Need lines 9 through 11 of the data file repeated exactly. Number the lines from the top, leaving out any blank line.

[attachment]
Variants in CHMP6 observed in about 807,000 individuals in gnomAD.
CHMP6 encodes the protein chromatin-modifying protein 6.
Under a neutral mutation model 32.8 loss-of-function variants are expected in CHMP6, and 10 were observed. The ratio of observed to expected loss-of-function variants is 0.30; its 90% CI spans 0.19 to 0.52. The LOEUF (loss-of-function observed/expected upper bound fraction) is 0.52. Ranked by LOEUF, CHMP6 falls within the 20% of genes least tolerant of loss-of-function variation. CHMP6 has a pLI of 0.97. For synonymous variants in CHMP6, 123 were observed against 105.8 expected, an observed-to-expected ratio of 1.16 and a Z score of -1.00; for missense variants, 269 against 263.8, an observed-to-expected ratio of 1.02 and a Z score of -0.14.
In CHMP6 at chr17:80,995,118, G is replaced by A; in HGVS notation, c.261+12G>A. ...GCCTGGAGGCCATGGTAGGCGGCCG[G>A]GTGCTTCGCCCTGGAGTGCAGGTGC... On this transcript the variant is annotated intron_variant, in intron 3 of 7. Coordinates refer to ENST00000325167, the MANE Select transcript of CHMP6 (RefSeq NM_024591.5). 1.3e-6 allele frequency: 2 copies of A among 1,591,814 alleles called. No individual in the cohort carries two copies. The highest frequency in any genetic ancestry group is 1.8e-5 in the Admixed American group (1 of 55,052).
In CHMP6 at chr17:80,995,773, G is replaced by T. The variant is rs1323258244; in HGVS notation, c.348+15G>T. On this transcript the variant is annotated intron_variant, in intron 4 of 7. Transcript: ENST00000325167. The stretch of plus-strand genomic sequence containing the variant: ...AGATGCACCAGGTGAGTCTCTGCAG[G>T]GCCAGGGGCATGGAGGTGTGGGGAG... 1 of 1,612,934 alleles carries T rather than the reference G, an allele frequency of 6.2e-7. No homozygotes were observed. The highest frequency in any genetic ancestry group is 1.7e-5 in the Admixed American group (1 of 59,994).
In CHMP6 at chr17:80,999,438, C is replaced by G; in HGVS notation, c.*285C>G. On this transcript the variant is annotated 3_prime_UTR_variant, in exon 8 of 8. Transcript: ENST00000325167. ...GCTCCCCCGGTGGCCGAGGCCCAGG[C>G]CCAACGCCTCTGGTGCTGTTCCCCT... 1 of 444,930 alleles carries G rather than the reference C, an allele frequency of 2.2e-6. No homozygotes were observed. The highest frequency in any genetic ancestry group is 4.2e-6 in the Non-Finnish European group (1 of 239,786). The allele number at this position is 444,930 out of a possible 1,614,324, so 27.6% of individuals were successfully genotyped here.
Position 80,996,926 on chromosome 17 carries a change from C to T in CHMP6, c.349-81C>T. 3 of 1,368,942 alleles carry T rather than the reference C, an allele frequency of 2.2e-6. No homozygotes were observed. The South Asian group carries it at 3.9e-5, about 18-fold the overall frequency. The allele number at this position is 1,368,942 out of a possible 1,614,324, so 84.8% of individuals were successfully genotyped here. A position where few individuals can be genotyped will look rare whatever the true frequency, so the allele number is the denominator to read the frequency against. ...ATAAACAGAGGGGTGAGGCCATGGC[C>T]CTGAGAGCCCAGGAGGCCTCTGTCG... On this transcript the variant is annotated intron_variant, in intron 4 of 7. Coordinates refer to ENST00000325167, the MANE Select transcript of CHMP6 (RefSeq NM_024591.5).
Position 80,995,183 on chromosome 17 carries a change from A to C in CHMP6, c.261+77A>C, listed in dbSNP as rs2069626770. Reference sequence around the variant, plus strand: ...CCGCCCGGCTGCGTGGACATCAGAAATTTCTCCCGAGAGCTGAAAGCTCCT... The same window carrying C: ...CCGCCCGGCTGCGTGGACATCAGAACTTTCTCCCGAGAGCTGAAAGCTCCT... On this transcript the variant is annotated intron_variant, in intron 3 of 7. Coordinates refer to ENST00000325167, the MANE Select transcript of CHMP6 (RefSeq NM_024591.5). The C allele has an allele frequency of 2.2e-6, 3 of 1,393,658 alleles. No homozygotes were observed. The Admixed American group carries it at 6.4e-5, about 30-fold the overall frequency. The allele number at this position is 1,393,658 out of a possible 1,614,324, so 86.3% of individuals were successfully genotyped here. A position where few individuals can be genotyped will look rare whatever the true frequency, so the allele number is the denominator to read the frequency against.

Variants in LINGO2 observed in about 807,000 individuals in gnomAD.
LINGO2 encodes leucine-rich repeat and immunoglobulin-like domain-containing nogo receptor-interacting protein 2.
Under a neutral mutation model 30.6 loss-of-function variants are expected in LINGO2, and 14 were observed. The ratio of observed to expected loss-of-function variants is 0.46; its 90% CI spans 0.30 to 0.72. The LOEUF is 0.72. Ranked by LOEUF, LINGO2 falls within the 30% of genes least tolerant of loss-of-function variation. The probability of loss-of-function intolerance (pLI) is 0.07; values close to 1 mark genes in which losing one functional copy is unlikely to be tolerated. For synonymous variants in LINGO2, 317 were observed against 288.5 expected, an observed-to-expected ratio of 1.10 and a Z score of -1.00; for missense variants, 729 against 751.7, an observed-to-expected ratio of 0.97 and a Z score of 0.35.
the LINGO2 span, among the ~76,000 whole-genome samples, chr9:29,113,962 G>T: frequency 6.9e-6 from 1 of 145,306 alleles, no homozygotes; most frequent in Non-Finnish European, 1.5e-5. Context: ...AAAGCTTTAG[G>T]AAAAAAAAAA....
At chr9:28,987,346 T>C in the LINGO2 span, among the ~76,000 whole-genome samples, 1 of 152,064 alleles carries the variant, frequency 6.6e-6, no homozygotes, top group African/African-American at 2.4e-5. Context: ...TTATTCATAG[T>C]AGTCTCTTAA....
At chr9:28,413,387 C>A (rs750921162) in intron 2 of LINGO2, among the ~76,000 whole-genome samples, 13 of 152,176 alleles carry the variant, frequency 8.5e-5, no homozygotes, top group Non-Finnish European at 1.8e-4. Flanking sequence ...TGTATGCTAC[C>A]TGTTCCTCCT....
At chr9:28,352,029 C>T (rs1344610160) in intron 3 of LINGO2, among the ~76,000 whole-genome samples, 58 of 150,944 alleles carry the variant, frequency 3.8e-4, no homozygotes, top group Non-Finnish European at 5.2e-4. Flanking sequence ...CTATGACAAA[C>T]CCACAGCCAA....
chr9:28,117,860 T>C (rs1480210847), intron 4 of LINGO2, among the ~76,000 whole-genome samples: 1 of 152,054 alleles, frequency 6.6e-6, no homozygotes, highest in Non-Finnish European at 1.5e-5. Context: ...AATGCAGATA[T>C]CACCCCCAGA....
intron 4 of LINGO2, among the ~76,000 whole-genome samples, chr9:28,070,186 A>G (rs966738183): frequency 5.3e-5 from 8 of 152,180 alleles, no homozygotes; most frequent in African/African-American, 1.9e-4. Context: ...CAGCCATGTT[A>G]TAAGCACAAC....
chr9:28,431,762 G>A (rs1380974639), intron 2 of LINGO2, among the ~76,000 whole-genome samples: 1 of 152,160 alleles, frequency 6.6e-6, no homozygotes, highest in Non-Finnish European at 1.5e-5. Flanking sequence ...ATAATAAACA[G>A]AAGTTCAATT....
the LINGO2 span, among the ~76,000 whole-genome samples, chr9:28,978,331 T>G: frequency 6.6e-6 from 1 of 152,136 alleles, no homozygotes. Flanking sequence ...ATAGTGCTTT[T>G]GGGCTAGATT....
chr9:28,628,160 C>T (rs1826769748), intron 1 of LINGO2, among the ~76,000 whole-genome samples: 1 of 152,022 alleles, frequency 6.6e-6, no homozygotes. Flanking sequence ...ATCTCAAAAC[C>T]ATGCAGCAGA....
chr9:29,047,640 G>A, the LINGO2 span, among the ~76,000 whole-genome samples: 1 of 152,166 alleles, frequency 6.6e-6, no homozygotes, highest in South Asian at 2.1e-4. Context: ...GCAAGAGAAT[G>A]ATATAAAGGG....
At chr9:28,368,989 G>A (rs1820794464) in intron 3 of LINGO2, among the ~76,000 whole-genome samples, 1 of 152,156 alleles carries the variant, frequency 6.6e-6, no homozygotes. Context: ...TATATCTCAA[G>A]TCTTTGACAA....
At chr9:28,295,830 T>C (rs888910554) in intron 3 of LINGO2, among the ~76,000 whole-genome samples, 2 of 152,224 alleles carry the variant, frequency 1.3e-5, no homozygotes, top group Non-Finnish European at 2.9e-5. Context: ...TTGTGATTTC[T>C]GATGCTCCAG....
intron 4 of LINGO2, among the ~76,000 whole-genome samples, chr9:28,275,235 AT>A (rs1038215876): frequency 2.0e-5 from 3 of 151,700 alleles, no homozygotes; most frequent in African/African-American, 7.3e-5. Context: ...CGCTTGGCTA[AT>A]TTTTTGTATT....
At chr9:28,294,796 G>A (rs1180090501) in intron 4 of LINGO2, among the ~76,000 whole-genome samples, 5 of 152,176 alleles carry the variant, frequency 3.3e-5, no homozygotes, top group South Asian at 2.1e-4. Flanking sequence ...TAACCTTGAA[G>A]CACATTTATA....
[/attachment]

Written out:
Variants in LINGO2 observed in about 807,000 individuals in gnomAD.
LINGO2 encodes leucine-rich repeat and immunoglobulin-like domain-containing nogo receptor-interacting protein 2.
Under a neutral mutation model 30.6 loss-of-function variants are expected in LINGO2, and 14 were observed. The ratio of observed to expected loss-of-function variants is 0.46; its 90% CI spans 0.30 to 0.72. The LOEUF is 0.72. Ranked by LOEUF, LINGO2 falls within the 30% of genes least tolerant of loss-of-function variation. The probability of loss-of-function intolerance (pLI) is 0.07; values close to 1 mark genes in which losing one functional copy is unlikely to be tolerated. For synonymous variants in LINGO2, 317 were observed against 288.5 expected, an observed-to-expected ratio of 1.10 and a Z score of -1.00; for missense variants, 729 against 751.7, an observed-to-expected ratio of 0.97 and a Z score of 0.35.